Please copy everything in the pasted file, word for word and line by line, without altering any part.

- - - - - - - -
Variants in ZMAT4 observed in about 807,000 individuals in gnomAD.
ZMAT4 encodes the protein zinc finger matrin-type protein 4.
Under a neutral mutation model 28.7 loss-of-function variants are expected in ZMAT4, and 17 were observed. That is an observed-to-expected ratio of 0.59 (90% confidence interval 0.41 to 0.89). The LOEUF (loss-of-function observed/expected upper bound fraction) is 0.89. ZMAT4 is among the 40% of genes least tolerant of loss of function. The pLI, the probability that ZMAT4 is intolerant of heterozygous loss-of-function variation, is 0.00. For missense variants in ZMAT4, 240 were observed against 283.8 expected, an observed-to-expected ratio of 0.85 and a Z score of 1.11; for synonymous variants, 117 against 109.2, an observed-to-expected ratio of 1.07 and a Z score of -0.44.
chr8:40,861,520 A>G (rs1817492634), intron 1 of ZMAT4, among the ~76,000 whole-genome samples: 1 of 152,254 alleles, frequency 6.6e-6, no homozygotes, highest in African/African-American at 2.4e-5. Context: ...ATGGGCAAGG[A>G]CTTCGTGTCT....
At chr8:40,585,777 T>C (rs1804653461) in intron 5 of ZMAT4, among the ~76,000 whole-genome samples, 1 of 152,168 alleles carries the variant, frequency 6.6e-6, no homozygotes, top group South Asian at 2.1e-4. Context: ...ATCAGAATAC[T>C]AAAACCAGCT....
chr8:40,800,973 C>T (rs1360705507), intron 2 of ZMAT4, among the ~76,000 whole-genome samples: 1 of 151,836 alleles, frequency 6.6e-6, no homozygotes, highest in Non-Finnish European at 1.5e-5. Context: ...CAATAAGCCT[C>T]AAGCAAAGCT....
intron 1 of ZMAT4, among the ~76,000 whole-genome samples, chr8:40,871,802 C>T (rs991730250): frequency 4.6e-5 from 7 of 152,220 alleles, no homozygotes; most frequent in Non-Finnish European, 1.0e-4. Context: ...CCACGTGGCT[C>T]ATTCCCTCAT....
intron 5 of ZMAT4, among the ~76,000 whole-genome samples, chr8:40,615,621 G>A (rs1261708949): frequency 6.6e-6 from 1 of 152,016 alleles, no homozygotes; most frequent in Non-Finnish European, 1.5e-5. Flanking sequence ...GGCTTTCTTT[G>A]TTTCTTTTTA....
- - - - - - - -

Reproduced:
Variants in ZMAT4 observed in about 807,000 individuals in gnomAD.
ZMAT4 encodes the protein zinc finger matrin-type protein 4.
Under a neutral mutation model 28.7 loss-of-function variants are expected in ZMAT4, and 17 were observed. That is an observed-to-expected ratio of 0.59 (90% confidence interval 0.41 to 0.89). The LOEUF (loss-of-function observed/expected upper bound fraction) is 0.89. ZMAT4 is among the 40% of genes least tolerant of loss of function. The pLI, the probability that ZMAT4 is intolerant of heterozygous loss-of-function variation, is 0.00. For missense variants in ZMAT4, 240 were observed against 283.8 expected, an observed-to-expected ratio of 0.85 and a Z score of 1.11; for synonymous variants, 117 against 109.2, an observed-to-expected ratio of 1.07 and a Z score of -0.44.
chr8:40,861,520 A>G (rs1817492634), intron 1 of ZMAT4, among the ~76,000 whole-genome samples: 1 of 152,254 alleles, frequency 6.6e-6, no homozygotes, highest in African/African-American at 2.4e-5. Context: ...ATGGGCAAGG[A>G]CTTCGTGTCT....
At chr8:40,585,777 T>C (rs1804653461) in intron 5 of ZMAT4, among the ~76,000 whole-genome samples, 1 of 152,168 alleles carries the variant, frequency 6.6e-6, no homozygotes, top group South Asian at 2.1e-4. Context: ...ATCAGAATAC[T>C]AAAACCAGCT....
chr8:40,800,973 C>T (rs1360705507), intron 2 of ZMAT4, among the ~76,000 whole-genome samples: 1 of 151,836 alleles, frequency 6.6e-6, no homozygotes, highest in Non-Finnish European at 1.5e-5. Context: ...CAATAAGCCT[C>T]AAGCAAAGCT....
intron 1 of ZMAT4, among the ~76,000 whole-genome samples, chr8:40,871,802 C>T (rs991730250): frequency 4.6e-5 from 7 of 152,220 alleles, no homozygotes; most frequent in Non-Finnish European, 1.0e-4. Context: ...CCACGTGGCT[C>T]ATTCCCTCAT....
intron 5 of ZMAT4, among the ~76,000 whole-genome samples, chr8:40,615,621 G>A (rs1261708949): frequency 6.6e-6 from 1 of 152,016 alleles, no homozygotes; most frequent in Non-Finnish European, 1.5e-5. Flanking sequence ...GGCTTTCTTT[G>A]TTTCTTTTTA....